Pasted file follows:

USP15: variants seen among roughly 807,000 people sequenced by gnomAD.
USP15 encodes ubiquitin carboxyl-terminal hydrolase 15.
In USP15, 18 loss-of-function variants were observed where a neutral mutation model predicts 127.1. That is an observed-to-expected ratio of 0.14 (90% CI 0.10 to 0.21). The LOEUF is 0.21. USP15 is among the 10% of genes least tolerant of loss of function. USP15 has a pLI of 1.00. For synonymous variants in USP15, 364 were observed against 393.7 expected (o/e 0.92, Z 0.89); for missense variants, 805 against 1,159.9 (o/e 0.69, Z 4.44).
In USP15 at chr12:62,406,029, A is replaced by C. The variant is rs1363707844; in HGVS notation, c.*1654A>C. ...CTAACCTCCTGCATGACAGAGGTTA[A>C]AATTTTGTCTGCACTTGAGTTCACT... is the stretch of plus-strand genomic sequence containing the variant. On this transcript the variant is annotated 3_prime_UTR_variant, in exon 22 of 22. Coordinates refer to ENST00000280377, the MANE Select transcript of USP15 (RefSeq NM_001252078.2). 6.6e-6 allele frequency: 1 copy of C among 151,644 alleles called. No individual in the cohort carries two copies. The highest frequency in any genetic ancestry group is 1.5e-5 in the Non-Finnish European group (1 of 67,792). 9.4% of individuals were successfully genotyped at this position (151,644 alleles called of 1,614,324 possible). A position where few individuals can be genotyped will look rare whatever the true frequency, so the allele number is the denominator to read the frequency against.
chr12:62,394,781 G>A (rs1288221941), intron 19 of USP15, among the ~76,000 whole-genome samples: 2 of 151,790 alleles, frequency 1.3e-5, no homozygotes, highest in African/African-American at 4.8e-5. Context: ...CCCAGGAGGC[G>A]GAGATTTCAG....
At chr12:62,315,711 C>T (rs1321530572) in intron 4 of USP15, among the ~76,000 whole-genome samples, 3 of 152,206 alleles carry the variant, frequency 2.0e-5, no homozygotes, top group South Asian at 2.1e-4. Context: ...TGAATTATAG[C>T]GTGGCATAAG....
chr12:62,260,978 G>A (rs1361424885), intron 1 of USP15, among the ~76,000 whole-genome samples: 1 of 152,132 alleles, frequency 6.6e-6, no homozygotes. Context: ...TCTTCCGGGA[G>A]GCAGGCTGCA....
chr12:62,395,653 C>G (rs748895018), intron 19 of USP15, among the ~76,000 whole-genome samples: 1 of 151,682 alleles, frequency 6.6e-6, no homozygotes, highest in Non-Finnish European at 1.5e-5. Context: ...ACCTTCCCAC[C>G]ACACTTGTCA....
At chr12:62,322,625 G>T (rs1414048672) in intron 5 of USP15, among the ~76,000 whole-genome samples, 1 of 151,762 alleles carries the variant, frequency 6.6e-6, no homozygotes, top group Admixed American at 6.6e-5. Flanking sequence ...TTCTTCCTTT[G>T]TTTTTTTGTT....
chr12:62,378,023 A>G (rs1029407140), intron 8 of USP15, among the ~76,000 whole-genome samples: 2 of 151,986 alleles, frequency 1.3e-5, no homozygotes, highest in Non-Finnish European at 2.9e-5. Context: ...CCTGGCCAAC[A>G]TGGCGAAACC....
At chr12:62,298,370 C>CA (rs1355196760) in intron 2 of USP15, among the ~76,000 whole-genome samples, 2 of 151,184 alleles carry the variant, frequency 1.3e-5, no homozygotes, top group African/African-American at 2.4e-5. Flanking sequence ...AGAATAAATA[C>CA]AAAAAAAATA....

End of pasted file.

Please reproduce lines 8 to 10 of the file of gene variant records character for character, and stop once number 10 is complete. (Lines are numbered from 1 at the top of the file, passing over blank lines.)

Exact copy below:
chr12:62,395,653 C>G (rs748895018), intron 19 of USP15, among the ~76,000 whole-genome samples: 1 of 151,682 alleles, frequency 6.6e-6, no homozygotes, highest in Non-Finnish European at 1.5e-5. Context: ...ACCTTCCCAC[C>G]ACACTTGTCA....
At chr12:62,322,625 G>T (rs1414048672) in intron 5 of USP15, among the ~76,000 whole-genome samples, 1 of 151,762 alleles carries the variant, frequency 6.6e-6, no homozygotes, top group Admixed American at 6.6e-5. Flanking sequence ...TTCTTCCTTT[G>T]TTTTTTTGTT....
chr12:62,378,023 A>G (rs1029407140), intron 8 of USP15, among the ~76,000 whole-genome samples: 2 of 151,986 alleles, frequency 1.3e-5, no homozygotes, highest in Non-Finnish European at 2.9e-5. Context: ...CCTGGCCAAC[A>G]TGGCGAAACC....